Oct 10, 2010 | 10:33 PM | 0 Comments

Solomon Burke Died - The Legendary King of Rock & Soul

Solomon Burke Died - The Legendary King of Rock & Sou Music Solomon Burke dies in 70 Years his age. Solomon Burke has died at Amsterdam's Schiphol Airport Netherland. Burke was the father of 21 children (14 daughters and 7 sons), 90 grandchildren and 19 great-grandchildren.

This is a little Biography of Solomon Burke:
Solomon Burke (March 21, 1940 – October 10, 2010) was an American Grammy Award-winning singer/songwriter. During the half-century that he performed, he drew from his roots: gospel, soul, and blues, as well as developing his own style in a time when R&B, and rock were still in their infancy. Burke was considered a pioneer and was a member of the prestigious Rock and Roll Hall of Fame.

Early life and career
Solomon Burke was born in Philadelphia, Pennsylvania. Some sources claim that he was born in 1936, others say 1938, but in a 2002 interview with Philadelphia Weekly Burke stated that he was born in 1940.[1] He began his adult life as a preacher in Philadelphia, and soon moved on to hosting a gospel radio show. He met fellow preacher Martin Luther King, Jr. several times.

In the 60s, under the influence of artists such as Little Richard, Burke signed with Atlantic Records and began moving towards more secular music. His first hit was "Just Out Of Reach (Of My Two Open Arms)", a cover of a country song. Though well-received by both peers and critics, and attaining a few moderate pop and several major R&B hits, Burke never could quite break through into the mainstream as did Sam Cooke or Otis Redding, who covered Burke's "Down in the Valley" for 1965's Otis Blue. Burke's best known song is "Cry to Me", which was a hit twice: first in the 60's, and again in the 1980s when it was used in the film – and appeared on the soundtrack for – Dirty Dancing.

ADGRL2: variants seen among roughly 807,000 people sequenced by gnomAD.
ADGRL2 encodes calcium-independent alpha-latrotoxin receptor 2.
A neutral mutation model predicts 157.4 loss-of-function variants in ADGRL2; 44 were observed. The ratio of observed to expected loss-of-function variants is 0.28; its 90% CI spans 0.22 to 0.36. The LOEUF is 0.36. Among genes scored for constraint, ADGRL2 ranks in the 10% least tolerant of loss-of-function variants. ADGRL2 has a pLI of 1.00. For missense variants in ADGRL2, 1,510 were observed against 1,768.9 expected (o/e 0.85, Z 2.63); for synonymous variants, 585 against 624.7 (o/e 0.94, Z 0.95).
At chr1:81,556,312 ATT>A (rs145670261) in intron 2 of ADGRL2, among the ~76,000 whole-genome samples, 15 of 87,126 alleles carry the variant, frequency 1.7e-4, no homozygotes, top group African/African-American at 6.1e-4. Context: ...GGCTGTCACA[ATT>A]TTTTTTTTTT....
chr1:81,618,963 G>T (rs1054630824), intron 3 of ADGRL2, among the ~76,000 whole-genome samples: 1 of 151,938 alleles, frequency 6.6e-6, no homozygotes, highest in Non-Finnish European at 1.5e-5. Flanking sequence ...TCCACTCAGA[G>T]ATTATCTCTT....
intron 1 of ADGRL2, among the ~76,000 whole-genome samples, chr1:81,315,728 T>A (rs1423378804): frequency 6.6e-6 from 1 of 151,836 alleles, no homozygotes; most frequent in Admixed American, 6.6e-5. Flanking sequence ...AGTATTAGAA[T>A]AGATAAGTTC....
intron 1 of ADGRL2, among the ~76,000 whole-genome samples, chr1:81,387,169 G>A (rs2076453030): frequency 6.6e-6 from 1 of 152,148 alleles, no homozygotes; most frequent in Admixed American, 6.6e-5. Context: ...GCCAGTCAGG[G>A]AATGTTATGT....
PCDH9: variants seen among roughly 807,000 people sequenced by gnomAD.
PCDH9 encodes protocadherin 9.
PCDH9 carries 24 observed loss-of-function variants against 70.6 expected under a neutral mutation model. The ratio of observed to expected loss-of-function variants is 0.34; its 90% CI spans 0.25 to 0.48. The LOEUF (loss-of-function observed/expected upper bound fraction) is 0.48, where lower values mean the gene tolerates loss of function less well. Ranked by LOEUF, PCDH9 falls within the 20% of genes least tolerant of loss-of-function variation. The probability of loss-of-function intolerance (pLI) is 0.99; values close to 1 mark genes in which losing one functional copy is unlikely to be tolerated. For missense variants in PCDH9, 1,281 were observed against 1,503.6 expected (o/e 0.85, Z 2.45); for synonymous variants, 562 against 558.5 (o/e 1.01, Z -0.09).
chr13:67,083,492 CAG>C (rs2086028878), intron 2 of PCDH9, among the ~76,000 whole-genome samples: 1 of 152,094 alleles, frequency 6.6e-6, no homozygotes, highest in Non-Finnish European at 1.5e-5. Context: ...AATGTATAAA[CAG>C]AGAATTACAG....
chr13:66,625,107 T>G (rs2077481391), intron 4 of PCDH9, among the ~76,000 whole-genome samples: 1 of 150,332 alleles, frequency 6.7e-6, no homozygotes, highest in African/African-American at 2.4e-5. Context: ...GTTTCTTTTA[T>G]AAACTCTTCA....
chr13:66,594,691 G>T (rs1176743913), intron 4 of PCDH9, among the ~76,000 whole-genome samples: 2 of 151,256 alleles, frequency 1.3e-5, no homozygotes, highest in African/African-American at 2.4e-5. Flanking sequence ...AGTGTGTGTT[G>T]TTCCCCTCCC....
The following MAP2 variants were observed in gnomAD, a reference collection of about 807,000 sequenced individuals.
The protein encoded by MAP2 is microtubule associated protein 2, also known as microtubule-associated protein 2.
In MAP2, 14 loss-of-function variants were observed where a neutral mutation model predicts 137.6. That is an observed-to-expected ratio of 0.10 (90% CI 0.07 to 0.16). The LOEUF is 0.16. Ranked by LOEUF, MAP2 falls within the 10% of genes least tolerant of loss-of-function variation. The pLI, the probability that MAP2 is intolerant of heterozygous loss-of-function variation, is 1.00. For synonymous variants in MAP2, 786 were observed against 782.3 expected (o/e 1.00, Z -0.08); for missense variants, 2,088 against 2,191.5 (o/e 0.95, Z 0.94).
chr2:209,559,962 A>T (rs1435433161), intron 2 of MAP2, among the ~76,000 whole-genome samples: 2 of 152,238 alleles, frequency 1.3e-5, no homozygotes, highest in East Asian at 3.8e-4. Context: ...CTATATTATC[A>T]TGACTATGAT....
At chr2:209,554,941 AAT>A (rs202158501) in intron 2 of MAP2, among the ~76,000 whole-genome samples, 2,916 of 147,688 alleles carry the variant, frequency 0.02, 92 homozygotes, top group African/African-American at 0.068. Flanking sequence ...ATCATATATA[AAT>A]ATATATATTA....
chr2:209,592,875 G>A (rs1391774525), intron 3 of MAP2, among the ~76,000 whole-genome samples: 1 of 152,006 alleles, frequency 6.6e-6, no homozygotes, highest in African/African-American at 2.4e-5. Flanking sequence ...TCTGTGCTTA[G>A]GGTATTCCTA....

In 1964 he wrote and recorded "Everybody Needs Somebody to Love", his most prominent bid for an enduring soul standard. Almost immediately covered by The Rolling Stones the same year, other well-known versions include one by Wilson Pickett and another, a decade and a half later, in the 1980 film The Blues Brothers.

Burke enjoyed a special relationship with the Catholic Church throughout his life and in 2000, he and his family were invited to perform at the Jubilee of the Family at the Vatican. He was invited back to the Vatican by both Pope John Paul II and Pope Benedict XVI for the Christmas celebration.

Burke was also an undertaker and had a mortuary business in Los Angeles. He was trained as a mortician early in his life and had worked in his uncle's funeral parlor.

In 1987, he appeared in the movie The Big Easy as Daddy Mention. He was mentioned throughout the 1995 Nick Hornby novel High Fidelity.

Personal life
Burke was the father of 21 children (14 daughters and 7 sons), 90 grandchildren and 19 great-grandchildren. On July 15, 2008, Burke confirmed to his audience at the Juan Les Pins Jazz Festival in France that he would soon have 90 grandchildren. Several of his children and grandchildren have had successful careers in various facets of the music industry, though none are as renowned as their patriarch. One of his grandsons, Novel, released his first studio album in October 2008.[citation needed] His daughter, Candy Burke, was a backing singer for the first time at a Burke performance in the July 2008 Juan Les Pins concert where she performed a rendition of "I Will Survive" to rapturous applause from the crowd.

On October 10, 2010, he was reported to have died at Schiphol Airport in the Netherlands, on or immediately after a flight from Los Angeles to Amsterdam, where he had been due to perform with De Dijk on October 12. The cause of death was not immediately clear. According to his family, Burke died of natural causes.


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